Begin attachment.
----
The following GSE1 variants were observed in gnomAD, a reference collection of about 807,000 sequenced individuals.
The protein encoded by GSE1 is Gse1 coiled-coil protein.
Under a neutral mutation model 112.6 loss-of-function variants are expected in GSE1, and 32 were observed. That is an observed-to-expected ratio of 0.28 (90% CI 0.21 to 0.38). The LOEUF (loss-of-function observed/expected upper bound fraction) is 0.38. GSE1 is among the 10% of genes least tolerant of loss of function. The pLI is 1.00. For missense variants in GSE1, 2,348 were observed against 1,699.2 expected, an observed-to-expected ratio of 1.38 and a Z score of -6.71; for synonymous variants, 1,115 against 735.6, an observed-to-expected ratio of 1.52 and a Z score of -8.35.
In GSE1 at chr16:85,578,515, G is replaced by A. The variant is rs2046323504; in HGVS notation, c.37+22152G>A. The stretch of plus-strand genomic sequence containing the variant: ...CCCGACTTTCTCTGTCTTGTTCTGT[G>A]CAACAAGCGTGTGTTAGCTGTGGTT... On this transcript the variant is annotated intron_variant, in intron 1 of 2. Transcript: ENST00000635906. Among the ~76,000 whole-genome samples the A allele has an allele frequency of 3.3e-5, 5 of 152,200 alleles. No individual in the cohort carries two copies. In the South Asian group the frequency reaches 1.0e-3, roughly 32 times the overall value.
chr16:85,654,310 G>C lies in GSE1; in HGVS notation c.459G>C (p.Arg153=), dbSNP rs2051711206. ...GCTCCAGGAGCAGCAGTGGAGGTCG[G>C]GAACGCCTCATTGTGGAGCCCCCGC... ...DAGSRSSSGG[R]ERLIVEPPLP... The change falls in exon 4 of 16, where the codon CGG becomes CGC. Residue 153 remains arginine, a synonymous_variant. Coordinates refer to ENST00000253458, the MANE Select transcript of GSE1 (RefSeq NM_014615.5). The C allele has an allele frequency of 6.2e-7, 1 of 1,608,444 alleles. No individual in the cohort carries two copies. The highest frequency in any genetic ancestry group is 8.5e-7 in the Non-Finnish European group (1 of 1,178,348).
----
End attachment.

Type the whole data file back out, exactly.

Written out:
The following GSE1 variants were observed in gnomAD, a reference collection of about 807,000 sequenced individuals.
The protein encoded by GSE1 is Gse1 coiled-coil protein.
Under a neutral mutation model 112.6 loss-of-function variants are expected in GSE1, and 32 were observed. That is an observed-to-expected ratio of 0.28 (90% CI 0.21 to 0.38). The LOEUF (loss-of-function observed/expected upper bound fraction) is 0.38. GSE1 is among the 10% of genes least tolerant of loss of function. The pLI is 1.00. For missense variants in GSE1, 2,348 were observed against 1,699.2 expected, an observed-to-expected ratio of 1.38 and a Z score of -6.71; for synonymous variants, 1,115 against 735.6, an observed-to-expected ratio of 1.52 and a Z score of -8.35.
In GSE1 at chr16:85,578,515, G is replaced by A. The variant is rs2046323504; in HGVS notation, c.37+22152G>A. The stretch of plus-strand genomic sequence containing the variant: ...CCCGACTTTCTCTGTCTTGTTCTGT[G>A]CAACAAGCGTGTGTTAGCTGTGGTT... On this transcript the variant is annotated intron_variant, in intron 1 of 2. Transcript: ENST00000635906. Among the ~76,000 whole-genome samples the A allele has an allele frequency of 3.3e-5, 5 of 152,200 alleles. No individual in the cohort carries two copies. In the South Asian group the frequency reaches 1.0e-3, roughly 32 times the overall value.
chr16:85,654,310 G>C lies in GSE1; in HGVS notation c.459G>C (p.Arg153=), dbSNP rs2051711206. ...GCTCCAGGAGCAGCAGTGGAGGTCG[G>C]GAACGCCTCATTGTGGAGCCCCCGC... ...DAGSRSSSGG[R]ERLIVEPPLP... The change falls in exon 4 of 16, where the codon CGG becomes CGC. Residue 153 remains arginine, a synonymous_variant. Coordinates refer to ENST00000253458, the MANE Select transcript of GSE1 (RefSeq NM_014615.5). The C allele has an allele frequency of 6.2e-7, 1 of 1,608,444 alleles. No individual in the cohort carries two copies. The highest frequency in any genetic ancestry group is 8.5e-7 in the Non-Finnish European group (1 of 1,178,348).